That is in the decimal case i can only be 2, 3 or 4
These are massive reductions of all possibilities, far more efficient than calculating all kpermutations.
I'm only wondering if it's more efficient to start trying from right to left starting with h or even from left to right starting with e or even combining both possibilities.
for instance these are the only possible combinations of i and e for n=10
DB<4> for $i (2,3,4) { for $e (1..9) { next if $e == $i or $e*$i >9
+; print "$i * $e = ", $i *$e,"\n" }}
2 * 1 = 2 #
2 * 3 = 6
2 * 4 = 8
3 * 1 = 3 #
3 * 2 = 6
4 * 1 = 4 #
4 * 2 = 8
And the cases I marked with a # mean that the value for f must lead to a carry digit to alter a.
This seems to reduce possible branches very quickly!!!
I hope I gave you some good ideas for the case n=10 which can be generalized for bigger n.
Cheers Rolf
_{(addicted to the Perl Programming Language :)
Wikisyntax for the Monastery
FootballPerl is like chess, only without the dice
}
 [reply] [d/l] [select] 

DB<14> $i=4; for $x (1..9) { next if $x==$i; $p = $i*$x; $C=int($p/1
+0); $S=$p%10; print "$i * $x = $p \t$C $S\n" }
4 * 1 = 4 0 4
4 * 2 = 8 0 8
4 * 3 = 12 1 2
4 * 5 = 20 2 0
4 * 6 = 24 2 4
4 * 7 = 28 2 8
4 * 8 = 32 3 2
4 * 9 = 36 3 6
# 987654321
@carry0 = (1,2) , $carry0 = vec(11)
@carry1 = (3) , $carry1 = vec(0100)
@carry2 = (5,6,7) , $carry2 = vec(1110000)
@carry3 = (8,9) , $carry3 = vec(110000000)
( update when going from left to right you have to also put 7 into @carry3, because 28 could add to a former carry. going from right to left is indeed easier ...)
==== after trying $e=1 you know that
@remaing=(2,3,5,6,7,8,9) => $remaining = vec(111110110)
$a = $i*$e + carry(4*f) = 4*1 + range(0..3)
the carry range filter for 0..3 is vec(1111) shifted accordingly for 4 is $carryrange=vec(1111000)
$remaining & $carryrange = vec(1110000) => possible $a are in (5,6,7)
=> carry=0 is (obviously) forbidden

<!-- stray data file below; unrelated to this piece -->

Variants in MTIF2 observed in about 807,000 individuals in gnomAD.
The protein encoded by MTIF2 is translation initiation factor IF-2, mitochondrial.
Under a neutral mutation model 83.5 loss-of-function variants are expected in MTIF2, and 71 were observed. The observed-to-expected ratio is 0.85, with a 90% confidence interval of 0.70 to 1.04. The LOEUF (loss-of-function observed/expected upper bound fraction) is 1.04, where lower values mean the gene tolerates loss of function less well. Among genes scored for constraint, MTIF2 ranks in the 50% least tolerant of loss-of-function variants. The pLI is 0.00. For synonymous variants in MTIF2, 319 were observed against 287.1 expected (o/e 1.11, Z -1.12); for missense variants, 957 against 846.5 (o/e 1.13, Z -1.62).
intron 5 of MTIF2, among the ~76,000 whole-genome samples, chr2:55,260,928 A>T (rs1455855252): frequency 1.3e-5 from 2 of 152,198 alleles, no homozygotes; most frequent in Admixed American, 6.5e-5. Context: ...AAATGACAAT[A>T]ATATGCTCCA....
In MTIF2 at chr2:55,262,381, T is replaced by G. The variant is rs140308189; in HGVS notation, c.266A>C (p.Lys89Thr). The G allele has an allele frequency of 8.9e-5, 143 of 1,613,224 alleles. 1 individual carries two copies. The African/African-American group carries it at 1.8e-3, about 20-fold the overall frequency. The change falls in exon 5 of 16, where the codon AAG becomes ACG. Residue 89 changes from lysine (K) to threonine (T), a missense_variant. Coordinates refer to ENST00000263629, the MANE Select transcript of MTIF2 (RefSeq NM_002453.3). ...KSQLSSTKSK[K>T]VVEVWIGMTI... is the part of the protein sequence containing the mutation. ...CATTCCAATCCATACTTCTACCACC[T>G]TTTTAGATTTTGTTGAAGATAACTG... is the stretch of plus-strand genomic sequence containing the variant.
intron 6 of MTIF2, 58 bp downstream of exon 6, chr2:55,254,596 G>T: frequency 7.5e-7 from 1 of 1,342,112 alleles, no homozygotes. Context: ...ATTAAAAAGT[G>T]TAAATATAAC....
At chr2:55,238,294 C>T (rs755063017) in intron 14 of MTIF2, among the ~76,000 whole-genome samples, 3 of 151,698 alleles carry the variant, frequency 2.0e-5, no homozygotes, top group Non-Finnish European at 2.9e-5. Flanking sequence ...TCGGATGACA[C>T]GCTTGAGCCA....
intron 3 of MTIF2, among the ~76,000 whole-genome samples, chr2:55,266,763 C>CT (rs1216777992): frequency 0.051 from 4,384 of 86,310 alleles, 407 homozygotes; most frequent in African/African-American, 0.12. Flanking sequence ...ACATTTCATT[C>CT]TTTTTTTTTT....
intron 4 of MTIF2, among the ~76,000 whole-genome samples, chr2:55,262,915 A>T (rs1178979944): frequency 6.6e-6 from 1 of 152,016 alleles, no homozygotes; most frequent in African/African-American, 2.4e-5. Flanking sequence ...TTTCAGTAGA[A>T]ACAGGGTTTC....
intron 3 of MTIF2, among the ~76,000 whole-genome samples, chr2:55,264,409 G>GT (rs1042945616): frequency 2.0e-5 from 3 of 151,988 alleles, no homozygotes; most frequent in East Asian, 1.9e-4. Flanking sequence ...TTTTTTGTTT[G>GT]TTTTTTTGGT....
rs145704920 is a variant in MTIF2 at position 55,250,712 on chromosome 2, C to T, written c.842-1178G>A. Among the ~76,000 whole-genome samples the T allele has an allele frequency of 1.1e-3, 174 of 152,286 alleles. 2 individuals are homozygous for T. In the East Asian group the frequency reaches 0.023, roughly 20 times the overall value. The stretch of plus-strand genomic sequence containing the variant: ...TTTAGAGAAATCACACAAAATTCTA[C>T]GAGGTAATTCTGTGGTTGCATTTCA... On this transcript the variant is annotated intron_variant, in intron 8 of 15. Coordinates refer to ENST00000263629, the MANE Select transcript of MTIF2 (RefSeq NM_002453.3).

$remaining & ($carry1  $carry2  $carry3) = vec(111110100)
=> possible $f are in (9,8,7,6,5,3)
using this approach has several advantages
 set operations cut down possible branches before they happen (NB: sub calls are expensive in Perl)
 set operations as bit string operations are very fast
 after preparing the multiplication table, you'll practically never need to add or multiply any more, all operations happen as "shifts", "ands" and "ors" on bitstrings
 these operations happen in "parallel", they sieve on all setmembers
 this scales well for higher bases, you can still handle a 33base in a 32bit integer (I doubt you want to go higher)
 you can generalize this approach for similar problems (integer fraction puzzles)
this approach will lead to a very efficient branch and bound already, I'm confident you can find even more "filter rules" to bound more efficiently.
Cheers Rolf
_{(addicted to the Perl Programming Language :)
Wikisyntax for the Monastery
FootballPerl is like chess, only without the dice
}
 [reply] [d/l] [select] 

Thanks!
Nice ideas here and elsewhere!
One nitpick: your rule 3 (that the last multiplication can't have a carry so that the numerator is base/2  1 digits long) doesn't mean that i < n/2, it's e (the first digit of the denominator) that has to be < n/2. i can't be 1, base/2, base2 and base1 (and possibly others are excluded for certain bases).
 [reply] [d/l] [select] 

> doesn't mean that i < n/2, it's e
yeah I noticed. :)
> i can't be 1, base/2, base2 and base1
Why not base2 ... could you elaborate?